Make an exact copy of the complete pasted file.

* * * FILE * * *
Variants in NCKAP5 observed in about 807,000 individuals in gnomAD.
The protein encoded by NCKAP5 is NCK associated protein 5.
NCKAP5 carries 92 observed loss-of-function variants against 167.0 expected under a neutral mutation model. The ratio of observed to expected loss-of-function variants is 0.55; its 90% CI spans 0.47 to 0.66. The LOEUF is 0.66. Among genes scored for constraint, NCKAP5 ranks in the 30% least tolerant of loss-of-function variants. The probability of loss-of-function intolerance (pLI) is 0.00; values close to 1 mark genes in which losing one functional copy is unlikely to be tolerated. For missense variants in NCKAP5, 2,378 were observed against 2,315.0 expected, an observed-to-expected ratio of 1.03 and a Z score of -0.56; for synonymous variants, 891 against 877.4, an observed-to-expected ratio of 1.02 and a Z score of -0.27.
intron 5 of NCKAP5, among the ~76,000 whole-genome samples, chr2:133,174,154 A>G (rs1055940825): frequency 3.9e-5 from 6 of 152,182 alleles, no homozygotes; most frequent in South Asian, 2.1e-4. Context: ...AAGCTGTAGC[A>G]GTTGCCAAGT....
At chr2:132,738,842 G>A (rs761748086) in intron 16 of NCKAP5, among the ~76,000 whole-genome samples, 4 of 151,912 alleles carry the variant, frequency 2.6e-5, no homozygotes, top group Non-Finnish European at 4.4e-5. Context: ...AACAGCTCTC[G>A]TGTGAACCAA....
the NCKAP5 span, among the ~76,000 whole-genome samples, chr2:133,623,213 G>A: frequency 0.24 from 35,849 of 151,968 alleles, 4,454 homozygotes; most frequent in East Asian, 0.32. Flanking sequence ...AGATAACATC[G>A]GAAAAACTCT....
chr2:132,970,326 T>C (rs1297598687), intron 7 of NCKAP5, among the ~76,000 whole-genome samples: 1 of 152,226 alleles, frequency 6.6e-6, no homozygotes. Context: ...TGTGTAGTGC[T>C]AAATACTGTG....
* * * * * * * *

Variants in NCKAP5 observed in about 807,000 individuals in gnomAD.
The protein encoded by NCKAP5 is NCK associated protein 5.
NCKAP5 carries 92 observed loss-of-function variants against 167.0 expected under a neutral mutation model. The ratio of observed to expected loss-of-function variants is 0.55; its 90% CI spans 0.47 to 0.66. The LOEUF is 0.66. Among genes scored for constraint, NCKAP5 ranks in the 30% least tolerant of loss-of-function variants. The probability of loss-of-function intolerance (pLI) is 0.00; values close to 1 mark genes in which losing one functional copy is unlikely to be tolerated. For missense variants in NCKAP5, 2,378 were observed against 2,315.0 expected, an observed-to-expected ratio of 1.03 and a Z score of -0.56; for synonymous variants, 891 against 877.4, an observed-to-expected ratio of 1.02 and a Z score of -0.27.
intron 5 of NCKAP5, among the ~76,000 whole-genome samples, chr2:133,174,154 A>G (rs1055940825): frequency 3.9e-5 from 6 of 152,182 alleles, no homozygotes; most frequent in South Asian, 2.1e-4. Context: ...AAGCTGTAGC[A>G]GTTGCCAAGT....
At chr2:132,738,842 G>A (rs761748086) in intron 16 of NCKAP5, among the ~76,000 whole-genome samples, 4 of 151,912 alleles carry the variant, frequency 2.6e-5, no homozygotes, top group Non-Finnish European at 4.4e-5. Context: ...AACAGCTCTC[G>A]TGTGAACCAA....
the NCKAP5 span, among the ~76,000 whole-genome samples, chr2:133,623,213 G>A: frequency 0.24 from 35,849 of 151,968 alleles, 4,454 homozygotes; most frequent in East Asian, 0.32. Flanking sequence ...AGATAACATC[G>A]GAAAAACTCT....
chr2:132,970,326 T>C (rs1297598687), intron 7 of NCKAP5, among the ~76,000 whole-genome samples: 1 of 152,226 alleles, frequency 6.6e-6, no homozygotes. Context: ...TGTGTAGTGC[T>C]AAATACTGTG....